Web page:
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Managing pain during the COVID-19 pandemic

Pain management, covid-19 pandemic, recommendations

The COVID-19 pandemic has crucially affected healthcare systems, that have been faced with the challenge of controlling the infection, changing care delivery to protect staff and patients. Many elective surgical procedures and patients visits were postponed or cancelled, impacting the pain management strategy. An international expert panel has formulated recommendations to guide the practice during this pandemic. Important considerations concern different areas of pain management.
In-patient visits: Doctors should suspend any elective in-person patient visits. No elective
pain procedures should be performed, except for specific semi-urgent procedures.
Use of telemedicine: Telemedicine should be used as the first approach and exclusively in most cases:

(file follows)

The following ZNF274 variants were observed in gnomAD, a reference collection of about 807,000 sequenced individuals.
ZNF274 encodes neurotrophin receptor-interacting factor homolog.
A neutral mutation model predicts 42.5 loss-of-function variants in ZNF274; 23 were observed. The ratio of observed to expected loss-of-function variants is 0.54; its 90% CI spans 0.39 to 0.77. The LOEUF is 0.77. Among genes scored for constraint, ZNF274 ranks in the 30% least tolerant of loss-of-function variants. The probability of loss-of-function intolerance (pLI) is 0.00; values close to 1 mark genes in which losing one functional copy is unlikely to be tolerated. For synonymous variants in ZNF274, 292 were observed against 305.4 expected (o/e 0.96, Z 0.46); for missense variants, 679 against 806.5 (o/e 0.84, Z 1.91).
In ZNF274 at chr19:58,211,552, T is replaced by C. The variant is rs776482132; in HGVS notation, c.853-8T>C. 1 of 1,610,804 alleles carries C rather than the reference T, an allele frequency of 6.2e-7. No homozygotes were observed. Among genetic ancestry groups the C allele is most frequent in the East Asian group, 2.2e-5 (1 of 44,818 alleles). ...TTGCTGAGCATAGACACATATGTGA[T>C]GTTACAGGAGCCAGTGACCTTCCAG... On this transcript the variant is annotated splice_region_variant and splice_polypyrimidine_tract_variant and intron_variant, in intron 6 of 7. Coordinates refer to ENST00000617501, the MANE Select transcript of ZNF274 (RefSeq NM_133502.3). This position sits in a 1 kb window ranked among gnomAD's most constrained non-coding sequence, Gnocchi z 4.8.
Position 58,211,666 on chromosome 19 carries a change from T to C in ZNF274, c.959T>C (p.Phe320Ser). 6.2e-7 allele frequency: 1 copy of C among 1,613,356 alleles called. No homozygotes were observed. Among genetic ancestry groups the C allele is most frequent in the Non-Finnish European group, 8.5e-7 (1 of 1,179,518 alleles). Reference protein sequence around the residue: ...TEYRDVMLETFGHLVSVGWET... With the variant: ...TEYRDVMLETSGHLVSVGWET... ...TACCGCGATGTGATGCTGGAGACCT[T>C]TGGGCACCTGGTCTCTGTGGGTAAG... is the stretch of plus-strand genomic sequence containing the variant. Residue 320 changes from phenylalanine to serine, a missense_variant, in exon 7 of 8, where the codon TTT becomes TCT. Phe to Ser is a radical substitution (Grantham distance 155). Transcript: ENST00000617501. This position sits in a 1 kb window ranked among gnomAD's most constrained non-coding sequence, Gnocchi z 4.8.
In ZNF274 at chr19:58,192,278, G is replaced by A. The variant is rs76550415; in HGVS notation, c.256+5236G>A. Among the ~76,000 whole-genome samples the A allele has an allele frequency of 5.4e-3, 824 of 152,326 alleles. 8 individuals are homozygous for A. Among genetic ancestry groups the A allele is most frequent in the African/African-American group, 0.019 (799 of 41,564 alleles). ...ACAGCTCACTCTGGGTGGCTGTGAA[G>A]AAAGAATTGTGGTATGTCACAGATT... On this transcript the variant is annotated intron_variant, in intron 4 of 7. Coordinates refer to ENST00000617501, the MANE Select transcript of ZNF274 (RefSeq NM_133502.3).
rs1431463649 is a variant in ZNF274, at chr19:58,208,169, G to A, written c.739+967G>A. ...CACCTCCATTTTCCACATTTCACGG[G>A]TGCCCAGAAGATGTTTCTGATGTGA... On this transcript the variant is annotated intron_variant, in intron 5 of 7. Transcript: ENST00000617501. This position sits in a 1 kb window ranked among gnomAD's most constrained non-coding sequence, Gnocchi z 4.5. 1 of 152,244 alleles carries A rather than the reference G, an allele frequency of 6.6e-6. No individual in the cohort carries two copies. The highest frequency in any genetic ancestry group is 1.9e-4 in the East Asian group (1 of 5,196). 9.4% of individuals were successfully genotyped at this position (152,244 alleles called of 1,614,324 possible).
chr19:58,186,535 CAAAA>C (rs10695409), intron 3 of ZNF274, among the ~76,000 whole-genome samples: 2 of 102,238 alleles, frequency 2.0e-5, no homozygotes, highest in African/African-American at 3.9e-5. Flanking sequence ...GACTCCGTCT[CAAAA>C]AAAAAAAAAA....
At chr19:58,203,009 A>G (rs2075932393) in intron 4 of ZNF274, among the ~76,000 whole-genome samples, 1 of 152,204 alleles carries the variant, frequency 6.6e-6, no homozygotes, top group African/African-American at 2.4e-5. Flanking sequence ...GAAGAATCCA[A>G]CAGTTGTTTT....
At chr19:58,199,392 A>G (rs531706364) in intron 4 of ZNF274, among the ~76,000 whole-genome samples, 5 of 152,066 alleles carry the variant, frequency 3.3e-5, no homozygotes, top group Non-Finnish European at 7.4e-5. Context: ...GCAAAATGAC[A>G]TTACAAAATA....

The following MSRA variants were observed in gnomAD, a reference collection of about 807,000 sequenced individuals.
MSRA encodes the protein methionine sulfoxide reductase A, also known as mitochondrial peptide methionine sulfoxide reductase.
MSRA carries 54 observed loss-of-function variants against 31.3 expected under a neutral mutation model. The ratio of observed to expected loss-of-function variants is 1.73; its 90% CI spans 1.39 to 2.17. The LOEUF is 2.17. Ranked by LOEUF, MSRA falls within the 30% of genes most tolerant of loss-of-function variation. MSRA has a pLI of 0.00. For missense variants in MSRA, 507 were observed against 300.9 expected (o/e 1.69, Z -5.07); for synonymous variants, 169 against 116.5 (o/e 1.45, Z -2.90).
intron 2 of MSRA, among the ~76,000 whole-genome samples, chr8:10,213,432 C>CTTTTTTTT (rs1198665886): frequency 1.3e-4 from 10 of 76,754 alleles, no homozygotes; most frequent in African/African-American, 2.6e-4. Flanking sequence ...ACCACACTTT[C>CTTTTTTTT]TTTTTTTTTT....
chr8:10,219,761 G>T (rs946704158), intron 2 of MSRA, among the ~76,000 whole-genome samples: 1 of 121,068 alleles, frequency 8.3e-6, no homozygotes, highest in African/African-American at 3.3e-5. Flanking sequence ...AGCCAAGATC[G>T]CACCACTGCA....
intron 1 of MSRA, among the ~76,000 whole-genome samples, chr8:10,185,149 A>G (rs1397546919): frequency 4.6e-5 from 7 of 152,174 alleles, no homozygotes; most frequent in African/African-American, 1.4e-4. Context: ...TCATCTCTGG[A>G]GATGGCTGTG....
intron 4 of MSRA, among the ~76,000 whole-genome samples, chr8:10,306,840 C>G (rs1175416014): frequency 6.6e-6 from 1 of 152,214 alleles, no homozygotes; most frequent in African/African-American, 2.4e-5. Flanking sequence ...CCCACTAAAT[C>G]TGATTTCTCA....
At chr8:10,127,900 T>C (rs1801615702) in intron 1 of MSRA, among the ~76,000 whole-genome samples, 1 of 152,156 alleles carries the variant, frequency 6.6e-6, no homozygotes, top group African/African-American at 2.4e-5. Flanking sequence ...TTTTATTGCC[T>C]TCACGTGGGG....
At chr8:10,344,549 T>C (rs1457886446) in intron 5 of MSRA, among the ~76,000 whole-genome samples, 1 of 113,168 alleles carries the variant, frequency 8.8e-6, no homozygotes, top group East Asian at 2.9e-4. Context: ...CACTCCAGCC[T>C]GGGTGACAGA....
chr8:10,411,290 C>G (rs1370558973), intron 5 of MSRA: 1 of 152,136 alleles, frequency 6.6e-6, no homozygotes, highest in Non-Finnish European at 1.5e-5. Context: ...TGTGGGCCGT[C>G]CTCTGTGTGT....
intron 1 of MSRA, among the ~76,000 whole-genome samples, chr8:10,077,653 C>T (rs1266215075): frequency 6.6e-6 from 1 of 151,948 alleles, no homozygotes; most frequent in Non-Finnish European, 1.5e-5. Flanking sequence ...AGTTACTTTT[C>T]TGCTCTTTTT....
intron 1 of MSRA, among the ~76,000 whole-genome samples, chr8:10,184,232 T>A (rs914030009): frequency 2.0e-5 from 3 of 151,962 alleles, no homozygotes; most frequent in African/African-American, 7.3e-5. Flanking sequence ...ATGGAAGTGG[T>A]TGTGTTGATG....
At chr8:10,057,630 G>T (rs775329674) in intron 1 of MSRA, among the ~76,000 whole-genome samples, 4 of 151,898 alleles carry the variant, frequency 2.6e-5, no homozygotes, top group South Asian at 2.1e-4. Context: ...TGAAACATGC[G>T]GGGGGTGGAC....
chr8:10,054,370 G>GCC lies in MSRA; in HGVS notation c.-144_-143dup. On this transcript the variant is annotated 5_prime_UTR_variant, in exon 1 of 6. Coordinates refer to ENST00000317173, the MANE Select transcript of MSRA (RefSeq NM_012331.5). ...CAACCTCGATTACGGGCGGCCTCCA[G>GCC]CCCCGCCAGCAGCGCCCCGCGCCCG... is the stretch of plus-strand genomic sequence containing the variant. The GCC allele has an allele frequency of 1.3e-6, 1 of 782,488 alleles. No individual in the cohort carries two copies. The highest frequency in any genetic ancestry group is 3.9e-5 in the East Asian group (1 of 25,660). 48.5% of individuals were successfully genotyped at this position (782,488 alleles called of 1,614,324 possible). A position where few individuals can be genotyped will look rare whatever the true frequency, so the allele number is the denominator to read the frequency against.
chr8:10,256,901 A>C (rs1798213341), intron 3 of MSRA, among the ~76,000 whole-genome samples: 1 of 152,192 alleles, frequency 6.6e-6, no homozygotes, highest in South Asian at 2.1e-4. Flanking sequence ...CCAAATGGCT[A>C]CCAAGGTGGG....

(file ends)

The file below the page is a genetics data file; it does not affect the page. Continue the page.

•    to evaluate the patient, triage the urgency, and make suitable arrangements for treatment
•    to maintain biopsychosocial management of pain
•    to evaluate, initiate and continue prescriptions.
Opioids: Observational studies indicate the potential for increased incidence and severity of infections in patients on opioids. It is, therefore, appropriate to inform patients of the risks and impact of long-term opioid therapy on the immune system. 
Steroids: Steroids increase the potential for altered immune response. However, the duration of immune suppression could be less with the use of dexamethasone and betamethasone. Intraarticular steroid injections could increase the risk of viral infection, therefore evaluating risks and benefits of steroid injections and using a decreased dose should be considered.
NSAIDs: All patients who use non-steroidal anti-inflammatory drugs regularly should continue their use, whilst monitoring for adverse effects. Doctors should educate patients that any mild fever or new myalgia should be promptly reported.